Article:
Interview with Chief Product Officer: Kim Mogilevsky

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Our Chief Product Officer, Kim Mogilevsky, has been with Studies Weekly for eight years. She currently leads the Research & Development team to develop evidence-based curriculum materials. Before joining our team, she earned her National Board Certification in 2002 and worked as a teacher for the Palm Beach County School District in Florida for 15 years. She has a Master’s degree in Curriculum & Instruction and is a doctoral candidate for the same specialty.

Kim presents to the State Department of Education offices, school districts, state, national and international conventions and conferences all over America and the Caribbean. She’s a huge asset to our team, so we decided to sit down with her and discuss why she believes Studies Weekly is one of the best social studies curriculums out there.

The Interview

Q: Tell me about Studies Weekly and the program.

A: Our first goal is to always acknowledge the teacher as a professional. I like to say that our lesson plans are lesson plan suggestions. Because if you have 25 different kids in your classroom, you have 25 different learning styles, reading levels, and behaviors to deal with. When I came to Studies Weekly eight years ago, high socio-economic schools were buying it because they could afford another supplement and weren’t seeing it as another textbook or core content. In my case, the gifted students at my Title I school were using it, but regular education and exceptional education students were excluded. 

I began shifting the internal and external perceptions of who should use our publications. As a team, we decided this was for every student and took the necessary steps to make that possible. That does not mean that we water down, it means that we show teachers research-based strategies on how they can teach it to make it accessible for all of their students. The rigor of the product has increased since I’ve come on board. We’ve leveled all of our questions and activities using William Dagget’s Rigor and Relevance Framework, which instead of one continuum of, ‘This is an easy question, this is a hard question.’ It’s multi-dimensional.

Q: If you were going to tell a fellow teacher about Studies Weekly, what would you say?

A: I would say this is something you could use as a multi-tasker all day long. You can teach the majority of your ELA standards through social studies content. It covers all of your informational text standards, all of your writing, listening, viewing, and speaking standards. The content crosses over into science and engineering as well, because that’s a part of social studies. Our goal as a curriculum producer is to ensure that every single article, activity, project, and lesson plan covers some kind of standard and everything has value.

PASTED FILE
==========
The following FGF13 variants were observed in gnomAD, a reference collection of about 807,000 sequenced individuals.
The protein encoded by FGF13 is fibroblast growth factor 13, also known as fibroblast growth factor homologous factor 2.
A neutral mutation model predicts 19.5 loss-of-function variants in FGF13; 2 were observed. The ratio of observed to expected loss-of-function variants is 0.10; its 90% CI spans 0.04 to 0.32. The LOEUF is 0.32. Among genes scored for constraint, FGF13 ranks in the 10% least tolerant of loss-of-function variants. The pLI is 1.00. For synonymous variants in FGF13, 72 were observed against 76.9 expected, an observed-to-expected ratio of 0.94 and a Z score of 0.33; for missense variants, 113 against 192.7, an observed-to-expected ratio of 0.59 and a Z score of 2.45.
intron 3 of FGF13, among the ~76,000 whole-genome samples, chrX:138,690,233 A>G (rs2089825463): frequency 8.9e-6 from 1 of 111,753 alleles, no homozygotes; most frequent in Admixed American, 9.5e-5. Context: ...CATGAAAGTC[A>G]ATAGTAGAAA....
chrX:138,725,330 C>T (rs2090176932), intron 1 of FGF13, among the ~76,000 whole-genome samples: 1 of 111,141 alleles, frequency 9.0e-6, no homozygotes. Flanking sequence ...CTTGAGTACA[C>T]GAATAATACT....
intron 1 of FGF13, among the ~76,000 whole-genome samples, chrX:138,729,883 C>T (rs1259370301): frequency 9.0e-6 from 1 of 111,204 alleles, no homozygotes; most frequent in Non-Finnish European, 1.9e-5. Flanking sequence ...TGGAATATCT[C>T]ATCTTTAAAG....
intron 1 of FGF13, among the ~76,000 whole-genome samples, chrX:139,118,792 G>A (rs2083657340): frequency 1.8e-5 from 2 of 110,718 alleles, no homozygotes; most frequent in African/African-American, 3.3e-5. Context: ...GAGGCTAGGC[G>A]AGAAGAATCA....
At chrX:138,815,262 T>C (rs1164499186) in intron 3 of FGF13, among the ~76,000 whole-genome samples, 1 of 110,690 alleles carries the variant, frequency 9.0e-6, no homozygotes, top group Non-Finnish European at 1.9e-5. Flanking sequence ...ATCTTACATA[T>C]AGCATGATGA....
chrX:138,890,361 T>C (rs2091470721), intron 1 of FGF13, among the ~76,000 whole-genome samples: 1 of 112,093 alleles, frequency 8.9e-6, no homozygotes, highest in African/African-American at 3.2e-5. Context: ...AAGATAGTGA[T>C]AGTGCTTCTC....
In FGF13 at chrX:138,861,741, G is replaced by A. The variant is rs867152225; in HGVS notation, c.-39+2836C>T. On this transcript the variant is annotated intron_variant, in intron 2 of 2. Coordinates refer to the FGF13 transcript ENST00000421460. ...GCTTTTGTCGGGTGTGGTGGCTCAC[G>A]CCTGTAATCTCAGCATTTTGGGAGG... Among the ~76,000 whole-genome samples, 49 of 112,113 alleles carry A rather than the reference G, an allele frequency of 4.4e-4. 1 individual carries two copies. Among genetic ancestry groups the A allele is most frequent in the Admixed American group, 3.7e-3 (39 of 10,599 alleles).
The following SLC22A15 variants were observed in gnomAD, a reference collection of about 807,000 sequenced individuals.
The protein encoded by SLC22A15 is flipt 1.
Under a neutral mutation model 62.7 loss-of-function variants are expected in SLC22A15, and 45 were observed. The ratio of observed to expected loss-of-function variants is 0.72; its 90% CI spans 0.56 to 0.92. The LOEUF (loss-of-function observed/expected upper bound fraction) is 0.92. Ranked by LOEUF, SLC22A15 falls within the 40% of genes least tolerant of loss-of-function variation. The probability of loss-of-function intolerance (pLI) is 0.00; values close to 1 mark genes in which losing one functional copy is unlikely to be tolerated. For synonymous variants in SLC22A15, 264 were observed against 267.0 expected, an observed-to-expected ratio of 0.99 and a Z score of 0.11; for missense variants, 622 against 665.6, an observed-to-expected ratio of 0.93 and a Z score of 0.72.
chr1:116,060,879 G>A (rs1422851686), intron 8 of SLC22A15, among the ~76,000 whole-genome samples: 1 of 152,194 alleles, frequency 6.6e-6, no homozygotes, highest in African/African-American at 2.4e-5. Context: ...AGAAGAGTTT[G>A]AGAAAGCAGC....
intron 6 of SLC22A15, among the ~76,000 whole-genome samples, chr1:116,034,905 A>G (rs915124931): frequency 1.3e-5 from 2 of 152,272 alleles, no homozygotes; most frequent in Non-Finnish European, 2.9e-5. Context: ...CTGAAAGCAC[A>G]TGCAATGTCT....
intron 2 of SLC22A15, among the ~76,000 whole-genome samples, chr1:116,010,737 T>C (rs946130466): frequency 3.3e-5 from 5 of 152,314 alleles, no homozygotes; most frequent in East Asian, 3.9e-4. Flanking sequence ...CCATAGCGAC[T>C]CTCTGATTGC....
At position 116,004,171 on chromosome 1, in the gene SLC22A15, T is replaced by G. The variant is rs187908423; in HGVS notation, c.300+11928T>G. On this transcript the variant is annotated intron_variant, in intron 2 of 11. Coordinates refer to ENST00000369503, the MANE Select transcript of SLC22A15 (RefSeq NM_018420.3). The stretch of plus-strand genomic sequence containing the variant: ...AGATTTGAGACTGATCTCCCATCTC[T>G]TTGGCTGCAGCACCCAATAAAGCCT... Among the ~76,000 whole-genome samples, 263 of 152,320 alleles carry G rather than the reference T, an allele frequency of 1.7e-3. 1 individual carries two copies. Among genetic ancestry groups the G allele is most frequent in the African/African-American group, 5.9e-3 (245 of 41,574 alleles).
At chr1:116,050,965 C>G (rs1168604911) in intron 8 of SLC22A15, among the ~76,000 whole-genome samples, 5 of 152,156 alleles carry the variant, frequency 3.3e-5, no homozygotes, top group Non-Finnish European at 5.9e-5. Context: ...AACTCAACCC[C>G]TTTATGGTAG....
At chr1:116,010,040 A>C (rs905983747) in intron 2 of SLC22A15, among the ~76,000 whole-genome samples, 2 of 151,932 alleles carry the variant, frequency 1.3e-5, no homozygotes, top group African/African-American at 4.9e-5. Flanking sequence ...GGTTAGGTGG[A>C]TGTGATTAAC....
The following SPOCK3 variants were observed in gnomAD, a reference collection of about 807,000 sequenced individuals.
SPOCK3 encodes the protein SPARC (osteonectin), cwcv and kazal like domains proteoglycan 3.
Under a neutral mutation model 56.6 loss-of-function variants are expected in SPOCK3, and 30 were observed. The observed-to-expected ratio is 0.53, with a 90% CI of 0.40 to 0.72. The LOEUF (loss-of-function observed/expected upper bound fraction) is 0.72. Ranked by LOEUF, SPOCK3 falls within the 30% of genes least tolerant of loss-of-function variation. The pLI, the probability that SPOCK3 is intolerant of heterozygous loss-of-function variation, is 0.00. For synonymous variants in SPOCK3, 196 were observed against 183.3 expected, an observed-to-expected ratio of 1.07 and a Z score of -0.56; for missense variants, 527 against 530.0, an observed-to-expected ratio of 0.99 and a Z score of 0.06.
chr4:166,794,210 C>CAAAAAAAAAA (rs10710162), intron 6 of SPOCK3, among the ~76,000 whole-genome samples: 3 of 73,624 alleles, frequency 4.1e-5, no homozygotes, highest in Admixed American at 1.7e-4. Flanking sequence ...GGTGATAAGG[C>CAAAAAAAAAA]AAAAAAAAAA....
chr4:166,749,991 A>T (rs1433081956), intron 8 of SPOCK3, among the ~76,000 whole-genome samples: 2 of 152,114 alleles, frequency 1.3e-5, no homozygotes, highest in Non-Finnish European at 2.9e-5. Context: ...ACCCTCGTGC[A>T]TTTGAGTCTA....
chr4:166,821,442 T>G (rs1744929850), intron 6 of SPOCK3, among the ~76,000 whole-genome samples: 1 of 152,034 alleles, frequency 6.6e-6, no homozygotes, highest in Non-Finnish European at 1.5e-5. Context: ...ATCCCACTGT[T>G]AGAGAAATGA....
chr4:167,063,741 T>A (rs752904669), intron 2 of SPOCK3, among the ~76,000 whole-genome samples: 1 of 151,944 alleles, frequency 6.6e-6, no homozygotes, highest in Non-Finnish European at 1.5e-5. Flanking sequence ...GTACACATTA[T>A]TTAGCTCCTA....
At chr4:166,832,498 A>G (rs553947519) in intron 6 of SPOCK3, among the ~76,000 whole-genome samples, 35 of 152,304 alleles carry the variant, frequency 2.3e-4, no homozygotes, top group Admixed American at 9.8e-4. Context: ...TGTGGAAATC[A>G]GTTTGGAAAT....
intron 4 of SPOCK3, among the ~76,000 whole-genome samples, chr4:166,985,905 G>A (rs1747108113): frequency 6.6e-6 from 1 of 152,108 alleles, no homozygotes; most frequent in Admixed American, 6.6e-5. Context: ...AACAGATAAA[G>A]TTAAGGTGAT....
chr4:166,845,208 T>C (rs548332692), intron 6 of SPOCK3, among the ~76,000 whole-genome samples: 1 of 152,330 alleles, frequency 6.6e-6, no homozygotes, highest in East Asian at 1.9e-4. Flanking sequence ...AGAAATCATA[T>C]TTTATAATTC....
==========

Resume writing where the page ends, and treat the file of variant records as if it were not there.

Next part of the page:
Studies Weekly also gives you a ton of resources. We provide you with so many primary sources, so whenever I see a primary source photo, I’m like, ‘Whoo! Free lesson!’ You can take that one image and teach a 20-minute lesson. Another one of the great things about our product is that it’s in a newspaper format. Every kid has their own copy. It’s consumable. They can write on it, highlight it, cut it up. It is a whole lot easier to send home than a textbook. Parents, pediatricians, and everyone else has noticed that textbooks are killing our kids’ backs, but this isn’t one of them.

Q: What makes this comparable to textbooks? Not comparing apples to apples, but moving ahead to what makes this the future?

A: Number one: There is a lot of information to get through in your textbooks. Typically they make one textbook, and then they slap a picture of the state on the cover. So there is a lot of information in there that is not needed for that particular state’s teacher. I always say the same book they sell in Florida, they sell in Texas and slap a picture of Texas on the front. They “Tex-ify” it, and there you go, it’s the same thing! Our publications are state-specific, and we’ve cut out all of the extraneous information that isn’t needed.

When I was a teacher, my first year, I took home the Teachers Edition. It’s usually spiral bound, it’s huge, and I cried. There was so much information, and so many lesson suggestions, I didn’t know what to do. We’re not wasting your time, our Teachers Edition is straight to the point.

Number two: Kids really like our format. We used to have this tagline: “If students had a choice between a textbook or Studies Weekly, 100% of the time, kids are going to choose Studies Weekly.” It doesn’t look scary, it’s not intimidating. And best of all, it’s developed by educators for educators!

For more information about Studies Weekly, click here.

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